** NOTE: If you are a parent with twins, triplets etc 😙, I can only imagine….well done to all the mummas.

I think we have all earnt our wine tonight.

Rachelle xx

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Tonsils, Adenoids and Grommets in Toddlers – Guest Blog Olivia Bennett

When the doctors recommended that my 2.5 year old son have his tonsils and adenoids removed and grommets put in, I was relieved that his speech delay and hearing issues would be resolved but equally apprehensive about surgery for my sweet, little boy.

At 18 months of age, we become worried by our son’s speech delay. The tone and quality of his voice was concerning. He sounded like he had a mouthful of marbles and was very difficult to understand. He was an enthusiastic snorer, a restless sleeper and a very picky eater who would frequently gag on food. I wasn’t concerned about his hearing at all as he was able to follow instructions. He’d had no more than two or three episodes of tonsillitis and ear infections in his life. At GP appointments, our doctor would comment on the size of his tonsils but we assumed that was because he was sick – which is why you take a kid to the doctor in the first place!

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My son and his twin sister were part of a medical study which included a physical and developmental review at the age of 2. At this assessment, the doctors noted his language delay and suggested a referral to a speech therapist and pediatrician. They also referred us for a hearing test which to our surprise, showed that my son had moderate hearing loss caused by fluid in his middle ear.

Fast forward a few months through speech therapy, pediatrician and ENT appointments and we had a diagnosis of “kissing” tonsils (when the tonsils are enlarged and touch at back of the throat), obstructive sleep apnoea (from enlarged adenoids which causes snoring and restless sleeping) and fluid build-up in the inner ear causing hearing loss.

In late August, the day of our surgery arrived and despite a few requests that “we go home now” my son was fairly calm during all the pre-surgery exams and the different waiting rooms. We spent a few days beforehand preparing him – talking about the doctors with their stethoscopes who would fix his sore throat and practicing breathing into a mask just like Luke Skywalker does when he flies space ships.

The actual surgery only took 45 minutes and I was able to go into recovery while he was waking up. Coming out of the anesthetic was distressing due to emergence delirium – a not uncommon reaction to anesthetic in little kids where they get very upset, do not recognize familiar people and thrash around. This lasted for around 45 minutes until we were back on the ward where he lay down in the bed with me and promptly fell into a deep sleep for 3 hours.

We stayed overnight in hospital and he was able to eat and drink normally almost straight away. We were sent home on a cocktail of pain medication and antibiotics that had to be administered every 4 hours for a week and then only paracetomol 4 hourly for the second week.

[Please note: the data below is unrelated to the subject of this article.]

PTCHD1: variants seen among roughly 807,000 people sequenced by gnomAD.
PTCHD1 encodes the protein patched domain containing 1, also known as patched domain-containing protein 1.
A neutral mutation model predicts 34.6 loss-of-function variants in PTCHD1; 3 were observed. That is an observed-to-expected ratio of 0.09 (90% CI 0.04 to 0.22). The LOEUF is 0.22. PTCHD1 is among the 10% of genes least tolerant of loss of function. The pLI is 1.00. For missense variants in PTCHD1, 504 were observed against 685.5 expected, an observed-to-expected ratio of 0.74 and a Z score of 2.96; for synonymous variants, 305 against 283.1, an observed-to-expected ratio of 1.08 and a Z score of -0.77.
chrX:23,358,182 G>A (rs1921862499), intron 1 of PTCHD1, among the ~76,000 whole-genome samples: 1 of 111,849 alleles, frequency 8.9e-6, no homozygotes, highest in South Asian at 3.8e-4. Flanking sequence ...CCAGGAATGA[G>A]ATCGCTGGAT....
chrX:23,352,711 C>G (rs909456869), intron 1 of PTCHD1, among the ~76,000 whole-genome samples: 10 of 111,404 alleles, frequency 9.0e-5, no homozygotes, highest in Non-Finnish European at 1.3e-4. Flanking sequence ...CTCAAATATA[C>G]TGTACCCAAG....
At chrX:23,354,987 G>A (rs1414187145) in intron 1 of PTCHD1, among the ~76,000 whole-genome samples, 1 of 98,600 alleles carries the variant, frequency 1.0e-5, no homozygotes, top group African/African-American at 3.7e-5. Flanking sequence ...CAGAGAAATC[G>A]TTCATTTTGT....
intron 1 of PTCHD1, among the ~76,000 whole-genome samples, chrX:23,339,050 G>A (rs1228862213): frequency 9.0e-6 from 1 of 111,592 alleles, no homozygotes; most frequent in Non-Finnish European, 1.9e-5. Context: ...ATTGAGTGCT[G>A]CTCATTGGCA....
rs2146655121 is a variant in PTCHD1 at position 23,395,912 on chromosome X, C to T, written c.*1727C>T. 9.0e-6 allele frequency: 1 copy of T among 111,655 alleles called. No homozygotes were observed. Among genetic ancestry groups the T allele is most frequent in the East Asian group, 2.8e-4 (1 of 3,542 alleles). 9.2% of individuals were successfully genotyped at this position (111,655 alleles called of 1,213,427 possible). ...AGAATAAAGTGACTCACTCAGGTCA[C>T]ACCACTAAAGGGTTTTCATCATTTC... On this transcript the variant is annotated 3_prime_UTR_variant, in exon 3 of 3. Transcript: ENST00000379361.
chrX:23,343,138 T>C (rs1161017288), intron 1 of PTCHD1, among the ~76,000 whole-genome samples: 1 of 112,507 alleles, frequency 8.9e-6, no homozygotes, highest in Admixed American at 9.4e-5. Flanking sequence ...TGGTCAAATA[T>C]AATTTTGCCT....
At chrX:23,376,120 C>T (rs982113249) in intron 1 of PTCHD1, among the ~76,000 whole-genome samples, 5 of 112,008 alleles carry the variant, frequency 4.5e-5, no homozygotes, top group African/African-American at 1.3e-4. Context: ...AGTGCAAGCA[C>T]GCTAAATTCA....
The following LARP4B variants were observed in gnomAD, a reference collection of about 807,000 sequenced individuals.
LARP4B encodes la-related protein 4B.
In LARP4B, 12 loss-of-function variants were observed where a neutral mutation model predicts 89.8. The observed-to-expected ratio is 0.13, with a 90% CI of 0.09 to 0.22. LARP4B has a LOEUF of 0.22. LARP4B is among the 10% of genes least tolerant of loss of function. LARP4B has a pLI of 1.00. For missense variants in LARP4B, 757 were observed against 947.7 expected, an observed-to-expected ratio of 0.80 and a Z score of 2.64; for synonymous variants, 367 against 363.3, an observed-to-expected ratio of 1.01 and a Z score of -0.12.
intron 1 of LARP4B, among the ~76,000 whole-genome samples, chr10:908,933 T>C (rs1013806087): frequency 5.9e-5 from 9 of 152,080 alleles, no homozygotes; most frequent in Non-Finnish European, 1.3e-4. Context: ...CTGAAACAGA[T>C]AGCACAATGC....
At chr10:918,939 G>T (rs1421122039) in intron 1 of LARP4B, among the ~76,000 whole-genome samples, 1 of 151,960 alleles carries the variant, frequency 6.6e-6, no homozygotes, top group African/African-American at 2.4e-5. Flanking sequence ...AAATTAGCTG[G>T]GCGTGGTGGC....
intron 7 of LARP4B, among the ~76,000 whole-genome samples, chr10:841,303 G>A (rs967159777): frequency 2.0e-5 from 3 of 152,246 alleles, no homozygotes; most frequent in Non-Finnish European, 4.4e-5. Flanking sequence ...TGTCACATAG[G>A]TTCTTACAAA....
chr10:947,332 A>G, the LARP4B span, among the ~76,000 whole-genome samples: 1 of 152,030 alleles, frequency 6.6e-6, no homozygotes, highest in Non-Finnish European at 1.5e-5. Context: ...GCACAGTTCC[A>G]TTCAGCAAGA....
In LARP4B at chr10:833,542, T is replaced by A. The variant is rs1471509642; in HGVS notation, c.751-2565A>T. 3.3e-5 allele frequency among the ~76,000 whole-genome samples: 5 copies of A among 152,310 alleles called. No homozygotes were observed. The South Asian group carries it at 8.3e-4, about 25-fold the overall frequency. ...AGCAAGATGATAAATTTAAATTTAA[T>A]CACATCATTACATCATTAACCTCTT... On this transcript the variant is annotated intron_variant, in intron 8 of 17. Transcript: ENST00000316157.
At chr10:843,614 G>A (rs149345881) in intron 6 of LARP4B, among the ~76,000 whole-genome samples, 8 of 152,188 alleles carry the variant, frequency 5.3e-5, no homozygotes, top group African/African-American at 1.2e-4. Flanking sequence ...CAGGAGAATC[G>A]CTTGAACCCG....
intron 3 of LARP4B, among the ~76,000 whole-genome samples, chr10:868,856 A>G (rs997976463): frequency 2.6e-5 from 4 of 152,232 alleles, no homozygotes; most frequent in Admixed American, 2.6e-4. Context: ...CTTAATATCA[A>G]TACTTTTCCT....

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I’m not going to lie; the first week was really tough. It was like having a large, newborn that was in terrible pain. During the day my son was quiet with moments of being his usual self. Often he just wanted me to sit with him or hold him. Overnight, he would wake every 2 to 3 hours in terrible pain so we took turns co-sleeping to give whichever pain medication was due and sips of water and then try to soothe him back to sleep. The pain got worse around day 5 until day 7 when he was refusing most food and we had to convince him to drink and swallow his medication. By day 10 he was back to sleeping through the night and eating most things with only a few complaints of being sore. Overall, the tonsil part of the procedure caused the most pain and discomfort.

A month later, the improvement in his hearing, speech and sleeping has been astounding. He now hears “birdies and planes” and is genuinely delighted by all these new sounds. We are often told we are being too loud! His words are much clearer but it will take a little longer for his brain to convert all the new sounds to correct sounding words. We will follow up with our speech therapy in a month or two. Previously, I had a very picky eater who would eat very little and then only foods that were easy to chew and swallow. Now he eats anything and everything. When he sleeps, he is so quiet and still that I often check he is still breathing. He no longer has obstructive sleep apnoea, and doesn’t need as much sleep as before – the only down side has been the end of my favourite time of the day – naptime!

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My hot tips for any parents or carers are to plan to be homebound and sleep deprived for 7 to 10 days following the surgery. If you have other children, try and get as much help from family and friends as possible. Make sure you follow the pain management plan to the letter and schedule pain relief 30 minutes before a meal or snack so that eating isn’t too painful. Using a small treat every time they take their medication worked well for us – over the 14 days that equated to dozens and dozens of chocolate drops but was worth it for a cooperative patient. Prepare your child so that having doctors examine them or having an anesthetic gas mask cover their face isn’t too distressing.

At the end of all this, I’m glad my son had this surgery, especially at a relatively young age. Although it was challenging at the time, those rough times only last for a week or so and the benefits will last his entire life.